Reverse Inspiration
By: David Freund, Chief Leadership Officer

Years ago, when our children were still very young, several families from our church would take one Tuesday evening per month and go sing for an elderly widow in our church. Honestly, the last thing I really wanted to do on a Tuesday evening after a long hard day was to rush out of the house after dinner to go sing. I was tired, dinner was rushed, and the kids always seemed to be running in different directions. In all of this chaos and fatigue I really, REALLY didn’t want to go. However, out of a sense of obligation and dedication to my faith community, and in an effort to be a good example to my kids, we loaded up the car and went. What happened next was always amazing.  About 15 minutes into our stay, my mood would shift. I would actually start enjoying myself, and on the way home the hymns we sang were still running through my mind, making the ride home so pleasant.

What happened while I was there? What was it about visiting an old widow that made my evening brighter and more energized? Quite simply, it was Reverse Inspiration. When we do for others, we are doing for ourselves. When we add value to others lives we actually expand our own life and feel great doing it. The process of giving causes your brain to release two chemicals Serotonin and Dopamine. Both of these chemicals cause us to be happier and feel more appreciated. Some have called this the “helpers high.” In addition to the good feelings, it improves heart rate, improves circulation, and reduces hypertension. We actually become less stressed and nicer. Now that alone is a good enough reason to be kind to others.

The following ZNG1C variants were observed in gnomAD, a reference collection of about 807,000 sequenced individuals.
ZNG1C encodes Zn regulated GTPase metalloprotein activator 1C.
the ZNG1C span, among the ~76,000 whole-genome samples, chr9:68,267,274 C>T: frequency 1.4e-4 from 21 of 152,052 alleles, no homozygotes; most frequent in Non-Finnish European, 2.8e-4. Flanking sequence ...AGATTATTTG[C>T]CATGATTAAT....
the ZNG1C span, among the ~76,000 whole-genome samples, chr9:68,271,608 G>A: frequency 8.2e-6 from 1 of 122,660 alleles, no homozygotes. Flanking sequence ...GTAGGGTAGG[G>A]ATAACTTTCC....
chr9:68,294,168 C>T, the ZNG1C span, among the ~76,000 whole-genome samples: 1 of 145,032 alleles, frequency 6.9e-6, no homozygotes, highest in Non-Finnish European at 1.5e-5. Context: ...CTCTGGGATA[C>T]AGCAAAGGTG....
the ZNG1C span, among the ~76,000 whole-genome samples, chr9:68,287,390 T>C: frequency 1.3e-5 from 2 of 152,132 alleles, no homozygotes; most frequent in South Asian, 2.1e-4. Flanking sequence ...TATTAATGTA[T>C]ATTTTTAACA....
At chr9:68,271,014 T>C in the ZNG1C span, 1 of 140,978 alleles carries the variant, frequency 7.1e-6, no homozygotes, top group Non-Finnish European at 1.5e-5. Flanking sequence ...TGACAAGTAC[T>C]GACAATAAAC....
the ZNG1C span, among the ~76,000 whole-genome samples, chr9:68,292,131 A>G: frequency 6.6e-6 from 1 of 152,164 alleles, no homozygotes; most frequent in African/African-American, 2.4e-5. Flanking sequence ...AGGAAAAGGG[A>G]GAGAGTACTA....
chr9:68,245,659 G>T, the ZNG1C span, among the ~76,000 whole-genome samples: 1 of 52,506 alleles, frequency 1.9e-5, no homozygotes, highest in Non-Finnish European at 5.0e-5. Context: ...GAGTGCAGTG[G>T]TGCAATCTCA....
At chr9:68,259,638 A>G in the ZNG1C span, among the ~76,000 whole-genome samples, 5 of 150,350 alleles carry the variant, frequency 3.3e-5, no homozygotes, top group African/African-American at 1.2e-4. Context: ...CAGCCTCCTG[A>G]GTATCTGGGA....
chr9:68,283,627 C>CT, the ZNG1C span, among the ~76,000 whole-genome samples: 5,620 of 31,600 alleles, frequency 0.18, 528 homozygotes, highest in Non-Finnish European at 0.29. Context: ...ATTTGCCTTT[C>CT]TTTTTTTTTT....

Are you ready to begin feeling better about yourself? Are you ready to improve your mental and physical health? Join Marisa and me on the next episode of The Next Page podcast as we take a deeper dive into Reverse Inspiration. We will be sharing things you can start doing today.

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